Whether it's the holiday sales or the fresh start of a new calendar, we love ringing in higher prices along with the new year. I'm guessing you have considered this in your business, too, and if you still haven't decided if this is your year for an increase, let me fill you in on some of the brain science to help you determine if a price increase is right for you right now.

First, let's start with a reframe of the question at hand. Many people ask, "Can I raise my prices?" And the answer is yes. As a general rule, any business can change its prices at any time. As I've shared before, pricing is never about price

Everything that comes before the price matters much more than the price itself. So, if you frame the new price properly (which often means not addressing it), people will pay it without concern. When you do this wrong, they will balk and complain. Even if the price shift is exactly the same in two different scenarios, the context makes all the difference.

The real question you should be asking is "Should I raise my prices?"

This is a different question entirely, and the best way to find the answer to that question is starting with motivation and one more question. Ask yourself, "Why do I want to raise my prices?"

If it's about availability:

Whether you have a service with limited time or a product with limited quantities, the rules of supply and demand still apply. If there is a high demand and you can show that, people will gladly pay more for it. Not everyone, mind you, but that's actually the point. When there is too much demand (you are working too many hours or there is a ridiculously long lead time on your offering), you want fewer people trying to take advantage of your offers. This allows you to offer better service while earning more.

And the best part is studies show people actually get higher value when they pay more for things. When done right, this can be the ultimate win-win-win.

If it's about revenue:

Increasing revenue, whether it's because of your own costs going up or simply needing to make more per sale, is a different story. When it is about overall profitability, ask yourself, "Is there another way to increase revenue without impacting customers in a way they will notice?"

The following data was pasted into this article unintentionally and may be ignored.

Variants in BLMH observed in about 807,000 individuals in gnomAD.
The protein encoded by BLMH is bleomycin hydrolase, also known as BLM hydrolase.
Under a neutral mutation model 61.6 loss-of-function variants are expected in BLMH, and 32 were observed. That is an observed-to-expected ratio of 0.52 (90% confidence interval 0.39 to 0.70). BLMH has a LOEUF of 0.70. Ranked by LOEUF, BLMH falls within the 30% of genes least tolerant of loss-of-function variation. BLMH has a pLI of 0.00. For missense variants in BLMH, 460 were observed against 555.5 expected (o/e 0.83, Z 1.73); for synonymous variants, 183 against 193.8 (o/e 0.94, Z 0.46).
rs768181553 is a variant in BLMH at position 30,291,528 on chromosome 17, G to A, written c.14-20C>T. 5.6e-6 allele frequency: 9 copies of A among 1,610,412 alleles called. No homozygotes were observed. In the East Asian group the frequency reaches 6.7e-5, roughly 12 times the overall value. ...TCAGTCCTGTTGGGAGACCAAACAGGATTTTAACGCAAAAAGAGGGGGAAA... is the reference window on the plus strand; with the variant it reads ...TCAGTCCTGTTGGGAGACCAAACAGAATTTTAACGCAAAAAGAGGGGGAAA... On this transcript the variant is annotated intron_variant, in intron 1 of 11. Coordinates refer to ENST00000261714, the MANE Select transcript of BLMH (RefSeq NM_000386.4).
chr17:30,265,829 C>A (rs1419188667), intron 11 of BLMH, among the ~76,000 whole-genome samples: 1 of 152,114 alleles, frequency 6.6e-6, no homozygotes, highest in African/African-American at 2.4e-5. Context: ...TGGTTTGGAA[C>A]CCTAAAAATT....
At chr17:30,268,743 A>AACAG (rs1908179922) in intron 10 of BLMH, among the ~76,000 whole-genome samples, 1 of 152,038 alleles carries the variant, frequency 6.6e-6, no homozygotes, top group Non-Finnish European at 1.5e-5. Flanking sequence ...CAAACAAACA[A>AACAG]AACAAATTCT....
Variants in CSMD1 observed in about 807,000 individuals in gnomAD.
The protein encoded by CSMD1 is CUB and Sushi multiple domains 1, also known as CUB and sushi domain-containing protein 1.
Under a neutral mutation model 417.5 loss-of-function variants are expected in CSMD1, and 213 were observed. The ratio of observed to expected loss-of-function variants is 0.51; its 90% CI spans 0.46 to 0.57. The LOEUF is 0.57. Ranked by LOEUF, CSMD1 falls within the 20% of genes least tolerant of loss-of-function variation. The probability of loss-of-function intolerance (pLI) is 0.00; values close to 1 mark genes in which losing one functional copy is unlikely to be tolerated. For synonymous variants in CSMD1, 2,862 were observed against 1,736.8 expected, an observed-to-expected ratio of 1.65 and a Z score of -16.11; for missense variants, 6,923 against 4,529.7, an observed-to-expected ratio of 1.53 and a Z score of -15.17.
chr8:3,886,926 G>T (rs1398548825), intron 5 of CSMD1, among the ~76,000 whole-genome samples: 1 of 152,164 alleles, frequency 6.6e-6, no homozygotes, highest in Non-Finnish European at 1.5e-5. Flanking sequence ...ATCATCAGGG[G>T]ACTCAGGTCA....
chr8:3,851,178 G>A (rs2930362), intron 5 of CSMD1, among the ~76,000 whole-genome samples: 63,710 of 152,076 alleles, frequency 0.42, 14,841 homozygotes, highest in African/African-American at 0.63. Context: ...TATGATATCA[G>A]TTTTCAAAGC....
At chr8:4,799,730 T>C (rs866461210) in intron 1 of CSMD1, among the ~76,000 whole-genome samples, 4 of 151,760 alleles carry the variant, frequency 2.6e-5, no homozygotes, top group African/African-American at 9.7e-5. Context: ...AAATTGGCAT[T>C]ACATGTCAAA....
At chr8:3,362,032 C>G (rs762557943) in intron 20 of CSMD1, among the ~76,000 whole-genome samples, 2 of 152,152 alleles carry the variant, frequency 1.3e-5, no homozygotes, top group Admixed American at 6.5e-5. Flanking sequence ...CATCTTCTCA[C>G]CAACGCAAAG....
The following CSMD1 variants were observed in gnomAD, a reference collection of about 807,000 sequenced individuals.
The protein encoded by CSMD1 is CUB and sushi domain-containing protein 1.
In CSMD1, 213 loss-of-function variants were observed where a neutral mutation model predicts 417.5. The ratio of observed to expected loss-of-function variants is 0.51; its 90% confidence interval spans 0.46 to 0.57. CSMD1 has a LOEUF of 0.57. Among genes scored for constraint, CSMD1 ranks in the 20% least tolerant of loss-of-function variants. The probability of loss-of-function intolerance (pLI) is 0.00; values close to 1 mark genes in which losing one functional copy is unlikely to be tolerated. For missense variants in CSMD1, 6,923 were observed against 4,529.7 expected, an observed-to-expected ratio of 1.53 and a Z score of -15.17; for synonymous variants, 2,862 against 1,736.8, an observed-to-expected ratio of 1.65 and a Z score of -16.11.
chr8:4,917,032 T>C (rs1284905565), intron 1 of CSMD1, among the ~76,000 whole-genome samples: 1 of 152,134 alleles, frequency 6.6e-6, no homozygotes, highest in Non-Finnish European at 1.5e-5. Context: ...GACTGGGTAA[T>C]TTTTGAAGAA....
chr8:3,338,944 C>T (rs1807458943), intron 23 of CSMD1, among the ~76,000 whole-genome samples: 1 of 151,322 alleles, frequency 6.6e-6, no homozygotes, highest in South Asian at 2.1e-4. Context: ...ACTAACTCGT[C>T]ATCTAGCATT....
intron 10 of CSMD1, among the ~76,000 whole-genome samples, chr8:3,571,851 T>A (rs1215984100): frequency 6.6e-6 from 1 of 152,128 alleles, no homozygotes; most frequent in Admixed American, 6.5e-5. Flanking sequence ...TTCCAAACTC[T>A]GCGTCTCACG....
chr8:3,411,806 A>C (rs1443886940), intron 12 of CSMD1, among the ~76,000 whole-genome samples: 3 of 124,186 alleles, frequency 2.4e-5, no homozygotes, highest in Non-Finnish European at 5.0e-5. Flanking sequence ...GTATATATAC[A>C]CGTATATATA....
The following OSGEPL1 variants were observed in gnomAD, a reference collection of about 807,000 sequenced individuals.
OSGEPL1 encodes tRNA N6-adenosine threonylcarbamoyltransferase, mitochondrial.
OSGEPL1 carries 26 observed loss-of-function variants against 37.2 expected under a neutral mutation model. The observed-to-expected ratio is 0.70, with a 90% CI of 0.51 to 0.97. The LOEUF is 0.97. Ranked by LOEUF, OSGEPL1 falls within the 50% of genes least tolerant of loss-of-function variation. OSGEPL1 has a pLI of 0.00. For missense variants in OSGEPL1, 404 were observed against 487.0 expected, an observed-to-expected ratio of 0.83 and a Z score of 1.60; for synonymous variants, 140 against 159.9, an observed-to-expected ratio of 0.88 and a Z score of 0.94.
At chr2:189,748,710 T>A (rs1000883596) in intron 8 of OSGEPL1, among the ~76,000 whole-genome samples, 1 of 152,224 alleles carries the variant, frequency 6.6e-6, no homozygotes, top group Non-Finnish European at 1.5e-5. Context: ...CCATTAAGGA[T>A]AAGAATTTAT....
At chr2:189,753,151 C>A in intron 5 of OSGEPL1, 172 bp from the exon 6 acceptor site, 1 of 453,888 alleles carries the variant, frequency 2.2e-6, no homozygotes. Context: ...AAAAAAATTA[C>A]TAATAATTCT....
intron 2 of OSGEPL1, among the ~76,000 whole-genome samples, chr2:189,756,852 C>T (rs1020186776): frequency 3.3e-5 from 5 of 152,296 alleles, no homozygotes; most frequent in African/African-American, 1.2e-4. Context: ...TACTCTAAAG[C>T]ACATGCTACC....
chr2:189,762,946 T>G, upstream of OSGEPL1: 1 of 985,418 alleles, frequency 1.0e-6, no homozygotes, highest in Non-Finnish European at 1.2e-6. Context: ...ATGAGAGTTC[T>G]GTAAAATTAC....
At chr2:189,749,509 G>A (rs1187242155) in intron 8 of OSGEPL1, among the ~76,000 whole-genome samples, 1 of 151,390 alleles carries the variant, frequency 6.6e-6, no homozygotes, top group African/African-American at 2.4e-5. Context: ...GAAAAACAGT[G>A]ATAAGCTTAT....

Yes, you can (and should) look at expenses and back-end areas to cut costs. That is always a great place to start, and if you can make up the difference that way, great. But I'm talking about looking for creative ways to increase profits on things people don't notice as much.

Credit cards are a great example of this. When a bank adds a monthly service fee, their customer base is up in arms. What about when the rates go up by 1 percent? Most people don't even read the disclosure, and if they do notice, they shrug this off because the brain is lazy about this sort of math. The frame changes the amount of pain felt by the brain. A fee feels more tangible because you know what $5 translates to immediately, while a percentage of an ever-changing balance is more abstract.

In reality, the rate increase could bring in more revenue for the financial institution overall. It might require more work for a few key staff on the front end, but it could be worth it and result in its own win-win: more revenue without customers even noticing or caring. 

In your business, where are you forcing a solution that isn't going to land well with customers, and how can you shift it to improve your revenue (without changing prices)? What is your win-win?